PAX Global Technology Limited’s (SEHK:327) most recent return on equity was a substandard 8.64% relative to its industry performance of 10.94% over the past year. 327’s results could indicate a relatively inefficient operation to its peers, and while this may be the case, it is important to understand what ROE is made up of and how it should be interpreted. Knowing these components could change your view on 327’s performance. Metrics such as financial leverage can impact the level of ROE which in turn can affect the sustainability of 327’s returns. Let me show you what I mean by this. View our latest analysis for PAX Global Technology
Breaking down ROE — the mother of all ratios
Return on Equity (ROE) is a measure of PAX Global Technology’s profit relative to its shareholders’ equity. An ROE of 8.64% implies HK$0.09 returned on every HK$1 invested. While a higher ROE is preferred in most cases, there are several other factors we should consider before drawing any conclusions.
Return on Equity = Net Profit ÷ Shareholders Equity
ROE is measured against cost of equity in order to determine the efficiency of PAX Global Technology’s equity capital deployed. Its cost of equity is 8.38%. While PAX Global Technology’s peers may have higher ROE, it may also incur higher cost of equity. An undesirable and unsustainable practice would be if returns exceeded cost. However, this is not the case for PAX Global Technology which is encouraging. ROE can be broken down into three different ratios: net profit margin, asset turnover, and financial leverage. This is called the Dupont Formula:
ROE = profit margin × asset turnover × financial leverage
ROE = (annual net profit ÷ sales) × (sales ÷ assets) × (assets ÷ shareholders’ equity)
ROE = annual net profit ÷ shareholders’ equity
The first component is profit margin, which measures how much of sales is retained after the company pays for all its expenses. Asset turnover reveals how much revenue can be generated from PAX Global Technology’s asset base. And finally, financial leverage is simply how much of assets are funded by equity, which exhibits how sustainable the company’s capital structure is. Since ROE can be artificially increased through excessive borrowing, we should check PAX Global Technology’s historic debt-to-equity ratio. Currently PAX Global Technology has virtually no debt, which means its returns are predominantly driven by equity capital. This could explain why PAX Global Technology’s’ ROE is lower than its industry peers, most of which may have some degree of debt in its business.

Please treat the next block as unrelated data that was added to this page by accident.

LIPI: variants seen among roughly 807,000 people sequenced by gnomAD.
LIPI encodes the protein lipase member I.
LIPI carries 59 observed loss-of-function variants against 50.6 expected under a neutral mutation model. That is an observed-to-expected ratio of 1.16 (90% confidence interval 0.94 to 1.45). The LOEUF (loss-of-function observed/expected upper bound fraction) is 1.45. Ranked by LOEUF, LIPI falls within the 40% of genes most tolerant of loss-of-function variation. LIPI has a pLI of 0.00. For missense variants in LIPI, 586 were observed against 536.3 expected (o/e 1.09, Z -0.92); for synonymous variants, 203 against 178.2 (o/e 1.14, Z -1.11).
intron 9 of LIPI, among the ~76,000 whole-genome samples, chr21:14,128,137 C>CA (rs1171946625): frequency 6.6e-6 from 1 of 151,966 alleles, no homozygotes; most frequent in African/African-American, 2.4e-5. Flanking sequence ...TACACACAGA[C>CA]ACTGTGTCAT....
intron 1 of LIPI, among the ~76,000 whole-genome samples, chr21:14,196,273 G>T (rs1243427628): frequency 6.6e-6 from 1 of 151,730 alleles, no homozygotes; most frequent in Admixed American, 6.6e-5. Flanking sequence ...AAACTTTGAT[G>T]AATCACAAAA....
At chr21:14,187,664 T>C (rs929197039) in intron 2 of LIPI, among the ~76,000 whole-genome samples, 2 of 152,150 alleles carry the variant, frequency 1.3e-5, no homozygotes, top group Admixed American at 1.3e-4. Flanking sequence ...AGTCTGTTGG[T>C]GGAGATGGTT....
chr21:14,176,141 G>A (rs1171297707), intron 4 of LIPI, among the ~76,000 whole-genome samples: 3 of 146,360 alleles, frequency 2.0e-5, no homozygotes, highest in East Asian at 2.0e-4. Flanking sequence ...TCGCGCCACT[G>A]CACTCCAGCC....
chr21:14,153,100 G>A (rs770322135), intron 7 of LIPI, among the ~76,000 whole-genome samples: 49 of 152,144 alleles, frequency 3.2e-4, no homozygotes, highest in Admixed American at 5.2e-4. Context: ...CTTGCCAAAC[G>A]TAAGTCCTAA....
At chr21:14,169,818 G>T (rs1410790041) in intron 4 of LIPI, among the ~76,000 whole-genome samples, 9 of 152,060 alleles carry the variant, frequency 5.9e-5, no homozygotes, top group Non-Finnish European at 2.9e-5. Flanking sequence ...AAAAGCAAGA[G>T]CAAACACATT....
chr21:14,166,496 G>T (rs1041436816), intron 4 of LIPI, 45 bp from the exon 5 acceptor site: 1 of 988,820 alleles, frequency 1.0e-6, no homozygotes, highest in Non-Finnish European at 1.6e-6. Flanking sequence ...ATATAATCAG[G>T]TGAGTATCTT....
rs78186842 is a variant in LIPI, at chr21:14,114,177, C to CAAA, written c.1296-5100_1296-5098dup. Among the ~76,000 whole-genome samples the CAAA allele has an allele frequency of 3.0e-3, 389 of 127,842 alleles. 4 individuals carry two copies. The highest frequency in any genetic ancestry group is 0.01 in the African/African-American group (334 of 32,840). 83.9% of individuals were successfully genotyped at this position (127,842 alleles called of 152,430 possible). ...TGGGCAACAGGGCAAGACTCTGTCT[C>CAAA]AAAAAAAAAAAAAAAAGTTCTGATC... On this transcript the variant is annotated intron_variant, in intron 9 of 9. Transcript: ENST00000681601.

ROE is a simple yet informative ratio, illustrating the various components that each measure the quality of the overall stock. Even though PAX Global Technology returned below the industry average, its ROE comes in excess of its cost of equity. Its appropriate level of leverage means investors can be more confident in the sustainability of PAX Global Technology’s return with a possible increase should the company decide to increase its debt levels. ROE is a helpful signal, but it is definitely not sufficient on its own to make an investment decision.
For PAX Global Technology, there are three pertinent aspects you should further examine:
- Financial Health: Does it have a healthy balance sheet? Take a look at our free balance sheet analysis with six simple checks on key factors like leverage and risk.
- Valuation: What is PAX Global Technology worth today? Is the stock undervalued, even when its growth outlook is factored into its intrinsic value? The intrinsic value infographic in our free research report helps visualize whether PAX Global Technology is currently mispriced by the market.
- Other High-Growth Alternatives : Are there other high-growth stocks you could be holding instead of PAX Global Technology? Explore our interactive list of stocks with large growth potential to get an idea of what else is out there you may be missing!
To help readers see pass the short term volatility of the financial market, we aim to bring you a long-term focused research analysis purely driven by fundamental data. Note that our analysis does not factor in the latest price sensitive company announcements.
The author is an independent contributor and at the time of publication had no position in the stocks mentioned.